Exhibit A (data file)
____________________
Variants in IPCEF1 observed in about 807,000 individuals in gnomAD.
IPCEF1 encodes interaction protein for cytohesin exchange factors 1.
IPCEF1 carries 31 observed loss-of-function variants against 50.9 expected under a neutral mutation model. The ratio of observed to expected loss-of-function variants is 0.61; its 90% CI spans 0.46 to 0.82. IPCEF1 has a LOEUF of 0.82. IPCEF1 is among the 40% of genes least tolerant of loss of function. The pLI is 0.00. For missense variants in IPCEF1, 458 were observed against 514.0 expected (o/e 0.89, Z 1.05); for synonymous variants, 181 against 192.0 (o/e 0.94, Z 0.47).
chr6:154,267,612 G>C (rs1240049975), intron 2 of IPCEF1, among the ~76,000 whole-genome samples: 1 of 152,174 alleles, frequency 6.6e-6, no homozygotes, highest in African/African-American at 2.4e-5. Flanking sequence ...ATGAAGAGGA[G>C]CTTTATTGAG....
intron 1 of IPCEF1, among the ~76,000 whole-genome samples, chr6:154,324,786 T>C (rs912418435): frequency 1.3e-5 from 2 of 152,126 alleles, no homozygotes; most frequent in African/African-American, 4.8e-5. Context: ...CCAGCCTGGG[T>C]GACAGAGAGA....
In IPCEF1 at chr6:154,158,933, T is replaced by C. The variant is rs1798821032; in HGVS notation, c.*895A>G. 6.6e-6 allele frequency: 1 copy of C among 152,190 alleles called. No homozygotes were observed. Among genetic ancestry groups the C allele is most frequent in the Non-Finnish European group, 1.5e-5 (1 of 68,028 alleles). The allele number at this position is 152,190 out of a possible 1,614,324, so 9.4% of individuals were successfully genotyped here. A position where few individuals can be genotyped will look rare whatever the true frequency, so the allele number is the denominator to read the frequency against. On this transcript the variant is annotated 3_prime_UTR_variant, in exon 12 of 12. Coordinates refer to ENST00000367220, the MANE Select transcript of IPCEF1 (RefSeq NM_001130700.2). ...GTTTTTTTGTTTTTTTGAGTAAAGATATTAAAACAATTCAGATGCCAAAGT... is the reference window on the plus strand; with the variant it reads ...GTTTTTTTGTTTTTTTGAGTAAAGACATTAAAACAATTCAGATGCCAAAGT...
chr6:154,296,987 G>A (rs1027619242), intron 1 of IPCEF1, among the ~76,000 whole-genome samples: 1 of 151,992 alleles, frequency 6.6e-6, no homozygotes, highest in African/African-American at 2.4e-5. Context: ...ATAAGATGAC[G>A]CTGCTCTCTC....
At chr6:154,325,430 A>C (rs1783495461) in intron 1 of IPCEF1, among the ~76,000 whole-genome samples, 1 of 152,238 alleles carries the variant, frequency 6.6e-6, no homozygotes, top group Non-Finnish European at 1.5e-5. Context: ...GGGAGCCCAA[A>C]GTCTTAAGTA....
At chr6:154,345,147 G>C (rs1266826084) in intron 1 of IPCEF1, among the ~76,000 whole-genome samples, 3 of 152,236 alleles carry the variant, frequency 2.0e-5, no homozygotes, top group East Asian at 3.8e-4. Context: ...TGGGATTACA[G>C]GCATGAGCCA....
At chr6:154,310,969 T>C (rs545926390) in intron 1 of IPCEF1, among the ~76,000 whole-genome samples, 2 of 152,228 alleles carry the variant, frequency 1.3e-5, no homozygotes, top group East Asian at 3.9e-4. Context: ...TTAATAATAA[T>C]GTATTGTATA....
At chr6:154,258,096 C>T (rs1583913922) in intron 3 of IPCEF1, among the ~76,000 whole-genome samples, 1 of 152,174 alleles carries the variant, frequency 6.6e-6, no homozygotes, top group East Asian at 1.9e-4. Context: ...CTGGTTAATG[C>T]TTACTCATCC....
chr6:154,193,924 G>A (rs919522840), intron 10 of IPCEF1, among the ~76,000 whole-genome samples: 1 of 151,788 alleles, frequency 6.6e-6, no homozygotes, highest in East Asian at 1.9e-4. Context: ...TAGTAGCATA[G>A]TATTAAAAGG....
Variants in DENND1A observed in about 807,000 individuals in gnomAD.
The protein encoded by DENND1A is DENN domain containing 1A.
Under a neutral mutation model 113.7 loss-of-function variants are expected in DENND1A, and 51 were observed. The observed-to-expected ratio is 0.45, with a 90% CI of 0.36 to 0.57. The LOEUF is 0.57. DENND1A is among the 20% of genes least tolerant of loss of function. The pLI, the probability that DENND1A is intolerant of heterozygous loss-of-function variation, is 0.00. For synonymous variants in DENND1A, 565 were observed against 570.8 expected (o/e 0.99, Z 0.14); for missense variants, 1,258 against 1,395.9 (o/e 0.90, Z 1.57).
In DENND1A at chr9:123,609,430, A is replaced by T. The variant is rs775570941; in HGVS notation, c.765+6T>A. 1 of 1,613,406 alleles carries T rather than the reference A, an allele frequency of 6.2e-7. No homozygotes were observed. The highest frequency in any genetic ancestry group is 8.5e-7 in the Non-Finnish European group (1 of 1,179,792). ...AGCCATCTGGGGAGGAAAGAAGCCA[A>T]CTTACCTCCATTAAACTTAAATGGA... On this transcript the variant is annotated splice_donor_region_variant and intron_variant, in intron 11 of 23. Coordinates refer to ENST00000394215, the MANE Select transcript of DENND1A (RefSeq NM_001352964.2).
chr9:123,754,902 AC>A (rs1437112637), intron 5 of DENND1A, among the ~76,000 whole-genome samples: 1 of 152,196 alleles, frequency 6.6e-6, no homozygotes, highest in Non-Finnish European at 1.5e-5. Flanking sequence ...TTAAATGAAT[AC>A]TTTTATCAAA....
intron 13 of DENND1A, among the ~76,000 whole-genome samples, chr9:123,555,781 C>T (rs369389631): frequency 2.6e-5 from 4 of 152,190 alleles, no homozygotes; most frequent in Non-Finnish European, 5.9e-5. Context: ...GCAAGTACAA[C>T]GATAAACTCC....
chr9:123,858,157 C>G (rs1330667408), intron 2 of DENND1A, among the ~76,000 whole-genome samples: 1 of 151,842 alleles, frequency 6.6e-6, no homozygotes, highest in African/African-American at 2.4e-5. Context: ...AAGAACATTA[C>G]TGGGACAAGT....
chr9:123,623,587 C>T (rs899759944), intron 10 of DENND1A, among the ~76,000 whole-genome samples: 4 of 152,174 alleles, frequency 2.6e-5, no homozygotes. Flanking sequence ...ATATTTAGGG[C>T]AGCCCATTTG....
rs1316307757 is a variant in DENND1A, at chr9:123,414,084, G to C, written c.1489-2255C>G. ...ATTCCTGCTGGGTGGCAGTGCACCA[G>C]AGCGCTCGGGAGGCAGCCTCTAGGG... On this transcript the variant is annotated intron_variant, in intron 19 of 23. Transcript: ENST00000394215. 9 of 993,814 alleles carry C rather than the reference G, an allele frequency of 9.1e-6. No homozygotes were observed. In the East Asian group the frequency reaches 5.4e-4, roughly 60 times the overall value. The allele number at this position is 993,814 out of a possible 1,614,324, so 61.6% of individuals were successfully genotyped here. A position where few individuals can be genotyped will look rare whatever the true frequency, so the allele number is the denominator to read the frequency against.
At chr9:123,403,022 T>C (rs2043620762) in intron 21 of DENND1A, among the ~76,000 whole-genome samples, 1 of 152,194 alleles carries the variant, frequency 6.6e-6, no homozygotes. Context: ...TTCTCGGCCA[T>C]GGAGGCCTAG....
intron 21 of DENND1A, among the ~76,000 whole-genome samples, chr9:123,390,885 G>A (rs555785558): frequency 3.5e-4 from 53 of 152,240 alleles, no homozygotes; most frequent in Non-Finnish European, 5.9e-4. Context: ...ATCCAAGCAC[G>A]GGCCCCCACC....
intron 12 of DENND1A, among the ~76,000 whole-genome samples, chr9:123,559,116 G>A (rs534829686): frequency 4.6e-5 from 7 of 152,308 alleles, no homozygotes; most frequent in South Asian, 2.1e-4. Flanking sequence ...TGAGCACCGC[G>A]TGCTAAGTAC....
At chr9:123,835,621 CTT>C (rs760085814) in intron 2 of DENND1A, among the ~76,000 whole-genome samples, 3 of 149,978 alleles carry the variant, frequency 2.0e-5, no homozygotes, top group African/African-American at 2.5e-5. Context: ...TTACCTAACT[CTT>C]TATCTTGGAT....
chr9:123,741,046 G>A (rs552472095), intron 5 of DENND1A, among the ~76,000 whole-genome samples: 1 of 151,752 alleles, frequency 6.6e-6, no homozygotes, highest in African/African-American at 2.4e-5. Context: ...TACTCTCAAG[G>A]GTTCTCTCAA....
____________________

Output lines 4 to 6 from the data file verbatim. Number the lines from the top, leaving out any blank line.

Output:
chr6:154,267,612 G>C (rs1240049975), intron 2 of IPCEF1, among the ~76,000 whole-genome samples: 1 of 152,174 alleles, frequency 6.6e-6, no homozygotes, highest in African/African-American at 2.4e-5. Flanking sequence ...ATGAAGAGGA[G>C]CTTTATTGAG....
intron 1 of IPCEF1, among the ~76,000 whole-genome samples, chr6:154,324,786 T>C (rs912418435): frequency 1.3e-5 from 2 of 152,126 alleles, no homozygotes; most frequent in African/African-American, 4.8e-5. Context: ...CCAGCCTGGG[T>C]GACAGAGAGA....
In IPCEF1 at chr6:154,158,933, T is replaced by C. The variant is rs1798821032; in HGVS notation, c.*895A>G. 6.6e-6 allele frequency: 1 copy of C among 152,190 alleles called. No homozygotes were observed. Among genetic ancestry groups the C allele is most frequent in the Non-Finnish European group, 1.5e-5 (1 of 68,028 alleles). The allele number at this position is 152,190 out of a possible 1,614,324, so 9.4% of individuals were successfully genotyped here. A position where few individuals can be genotyped will look rare whatever the true frequency, so the allele number is the denominator to read the frequency against. On this transcript the variant is annotated 3_prime_UTR_variant, in exon 12 of 12. Coordinates refer to ENST00000367220, the MANE Select transcript of IPCEF1 (RefSeq NM_001130700.2). ...GTTTTTTTGTTTTTTTGAGTAAAGATATTAAAACAATTCAGATGCCAAAGT... is the reference window on the plus strand; with the variant it reads ...GTTTTTTTGTTTTTTTGAGTAAAGACATTAAAACAATTCAGATGCCAAAGT...